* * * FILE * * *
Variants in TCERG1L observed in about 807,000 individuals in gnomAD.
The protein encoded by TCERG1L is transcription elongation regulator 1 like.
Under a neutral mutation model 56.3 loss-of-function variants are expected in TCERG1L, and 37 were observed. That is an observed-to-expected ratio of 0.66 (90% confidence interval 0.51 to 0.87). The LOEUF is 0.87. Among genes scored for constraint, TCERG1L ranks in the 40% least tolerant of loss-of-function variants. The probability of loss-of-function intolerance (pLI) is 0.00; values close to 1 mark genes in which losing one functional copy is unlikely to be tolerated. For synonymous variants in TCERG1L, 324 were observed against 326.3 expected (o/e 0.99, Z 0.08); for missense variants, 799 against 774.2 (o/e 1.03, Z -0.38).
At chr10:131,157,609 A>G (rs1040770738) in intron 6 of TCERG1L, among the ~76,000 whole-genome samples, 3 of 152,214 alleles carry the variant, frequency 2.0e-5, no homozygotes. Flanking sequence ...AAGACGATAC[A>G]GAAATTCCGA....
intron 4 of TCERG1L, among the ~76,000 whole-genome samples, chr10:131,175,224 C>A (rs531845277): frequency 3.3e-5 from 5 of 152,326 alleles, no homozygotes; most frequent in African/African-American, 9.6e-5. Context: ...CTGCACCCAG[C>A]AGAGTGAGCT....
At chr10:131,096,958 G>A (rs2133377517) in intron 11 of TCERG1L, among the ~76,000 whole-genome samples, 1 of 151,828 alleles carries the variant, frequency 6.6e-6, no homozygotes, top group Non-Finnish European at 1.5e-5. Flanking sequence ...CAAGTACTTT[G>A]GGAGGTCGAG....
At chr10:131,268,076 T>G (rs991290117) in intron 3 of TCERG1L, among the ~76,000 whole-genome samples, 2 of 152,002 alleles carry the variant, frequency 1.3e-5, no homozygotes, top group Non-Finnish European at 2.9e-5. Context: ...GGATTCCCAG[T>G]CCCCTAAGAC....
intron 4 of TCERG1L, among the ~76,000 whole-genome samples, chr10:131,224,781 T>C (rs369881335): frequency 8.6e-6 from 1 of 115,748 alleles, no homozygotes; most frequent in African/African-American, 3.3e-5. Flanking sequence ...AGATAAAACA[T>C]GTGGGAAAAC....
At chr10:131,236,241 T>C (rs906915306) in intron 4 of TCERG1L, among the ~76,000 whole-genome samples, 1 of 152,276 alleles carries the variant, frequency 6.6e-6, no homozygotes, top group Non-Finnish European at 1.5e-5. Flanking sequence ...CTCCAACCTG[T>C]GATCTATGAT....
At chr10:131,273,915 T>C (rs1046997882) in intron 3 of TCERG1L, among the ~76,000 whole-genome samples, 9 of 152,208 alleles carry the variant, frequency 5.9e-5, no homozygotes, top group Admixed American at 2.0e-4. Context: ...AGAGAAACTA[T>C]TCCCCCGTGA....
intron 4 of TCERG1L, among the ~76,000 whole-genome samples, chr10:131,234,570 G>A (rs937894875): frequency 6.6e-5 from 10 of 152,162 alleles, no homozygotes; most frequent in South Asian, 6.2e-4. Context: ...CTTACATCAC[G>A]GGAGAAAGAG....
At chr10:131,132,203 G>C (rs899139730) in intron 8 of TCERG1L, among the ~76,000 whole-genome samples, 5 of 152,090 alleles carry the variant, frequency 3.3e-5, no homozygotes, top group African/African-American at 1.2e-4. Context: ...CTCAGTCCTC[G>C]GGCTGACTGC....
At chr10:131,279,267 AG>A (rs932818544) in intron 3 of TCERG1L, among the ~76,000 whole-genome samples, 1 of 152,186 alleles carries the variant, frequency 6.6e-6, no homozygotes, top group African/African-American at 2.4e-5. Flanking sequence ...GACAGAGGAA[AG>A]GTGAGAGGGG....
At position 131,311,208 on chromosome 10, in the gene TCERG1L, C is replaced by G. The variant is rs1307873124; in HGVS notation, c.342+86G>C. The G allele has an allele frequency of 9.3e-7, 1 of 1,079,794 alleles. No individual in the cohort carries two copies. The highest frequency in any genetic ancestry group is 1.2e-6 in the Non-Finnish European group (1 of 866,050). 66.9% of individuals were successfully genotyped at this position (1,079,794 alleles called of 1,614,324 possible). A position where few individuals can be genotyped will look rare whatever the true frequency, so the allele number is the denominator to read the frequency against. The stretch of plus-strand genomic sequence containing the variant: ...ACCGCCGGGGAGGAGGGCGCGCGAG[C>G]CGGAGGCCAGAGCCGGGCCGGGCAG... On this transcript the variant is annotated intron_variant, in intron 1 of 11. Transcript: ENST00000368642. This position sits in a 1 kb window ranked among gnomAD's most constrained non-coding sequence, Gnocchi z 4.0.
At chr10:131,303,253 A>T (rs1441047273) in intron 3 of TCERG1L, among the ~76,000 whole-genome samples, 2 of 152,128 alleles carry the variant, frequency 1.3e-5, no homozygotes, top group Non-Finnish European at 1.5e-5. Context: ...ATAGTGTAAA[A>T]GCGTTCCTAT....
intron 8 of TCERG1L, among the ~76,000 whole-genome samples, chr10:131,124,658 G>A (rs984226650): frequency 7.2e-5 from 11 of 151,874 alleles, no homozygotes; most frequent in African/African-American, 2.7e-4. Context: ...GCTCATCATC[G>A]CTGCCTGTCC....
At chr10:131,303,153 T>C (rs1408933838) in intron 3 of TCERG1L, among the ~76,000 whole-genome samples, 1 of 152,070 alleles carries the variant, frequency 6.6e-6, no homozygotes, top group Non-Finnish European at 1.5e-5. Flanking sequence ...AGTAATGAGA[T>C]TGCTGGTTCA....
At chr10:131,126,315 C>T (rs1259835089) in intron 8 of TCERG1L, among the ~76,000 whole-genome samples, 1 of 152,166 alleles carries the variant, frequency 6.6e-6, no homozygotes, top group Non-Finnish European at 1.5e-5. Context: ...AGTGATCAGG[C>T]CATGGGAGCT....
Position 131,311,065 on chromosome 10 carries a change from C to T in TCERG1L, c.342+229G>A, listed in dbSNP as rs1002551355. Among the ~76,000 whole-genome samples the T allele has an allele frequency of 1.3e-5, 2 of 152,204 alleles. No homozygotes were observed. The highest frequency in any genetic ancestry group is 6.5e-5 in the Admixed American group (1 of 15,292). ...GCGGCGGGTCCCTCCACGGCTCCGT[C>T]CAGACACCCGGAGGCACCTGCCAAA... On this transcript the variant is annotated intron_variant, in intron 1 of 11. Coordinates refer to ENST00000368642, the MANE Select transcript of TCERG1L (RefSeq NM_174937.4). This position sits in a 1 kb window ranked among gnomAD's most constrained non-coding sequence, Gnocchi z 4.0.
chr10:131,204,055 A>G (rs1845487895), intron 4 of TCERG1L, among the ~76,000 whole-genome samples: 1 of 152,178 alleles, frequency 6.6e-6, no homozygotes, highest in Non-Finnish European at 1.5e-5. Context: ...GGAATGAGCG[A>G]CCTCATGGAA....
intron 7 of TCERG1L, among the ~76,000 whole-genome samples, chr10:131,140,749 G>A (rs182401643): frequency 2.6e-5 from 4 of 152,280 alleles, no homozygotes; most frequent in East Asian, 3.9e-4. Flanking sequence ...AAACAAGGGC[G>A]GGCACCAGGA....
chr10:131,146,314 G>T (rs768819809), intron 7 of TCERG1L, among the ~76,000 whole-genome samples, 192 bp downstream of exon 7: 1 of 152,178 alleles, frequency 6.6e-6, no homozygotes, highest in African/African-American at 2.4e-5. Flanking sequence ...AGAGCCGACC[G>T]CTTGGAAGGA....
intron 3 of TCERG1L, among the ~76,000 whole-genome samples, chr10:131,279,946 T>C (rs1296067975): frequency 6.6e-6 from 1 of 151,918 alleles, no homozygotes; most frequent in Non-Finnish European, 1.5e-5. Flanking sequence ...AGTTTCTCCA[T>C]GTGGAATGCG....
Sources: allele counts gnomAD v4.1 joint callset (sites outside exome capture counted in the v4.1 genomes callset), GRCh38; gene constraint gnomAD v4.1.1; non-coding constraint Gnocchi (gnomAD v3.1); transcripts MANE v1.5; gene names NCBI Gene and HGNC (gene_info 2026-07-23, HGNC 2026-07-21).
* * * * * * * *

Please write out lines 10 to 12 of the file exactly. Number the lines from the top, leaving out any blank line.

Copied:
At chr10:131,273,915 T>C (rs1046997882) in intron 3 of TCERG1L, among the ~76,000 whole-genome samples, 9 of 152,208 alleles carry the variant, frequency 5.9e-5, no homozygotes, top group Admixed American at 2.0e-4. Context: ...AGAGAAACTA[T>C]TCCCCCGTGA....
intron 4 of TCERG1L, among the ~76,000 whole-genome samples, chr10:131,234,570 G>A (rs937894875): frequency 6.6e-5 from 10 of 152,162 alleles, no homozygotes; most frequent in South Asian, 6.2e-4. Context: ...CTTACATCAC[G>A]GGAGAAAGAG....
At chr10:131,132,203 G>C (rs899139730) in intron 8 of TCERG1L, among the ~76,000 whole-genome samples, 5 of 152,090 alleles carry the variant, frequency 3.3e-5, no homozygotes, top group African/African-American at 1.2e-4. Context: ...CTCAGTCCTC[G>C]GGCTGACTGC....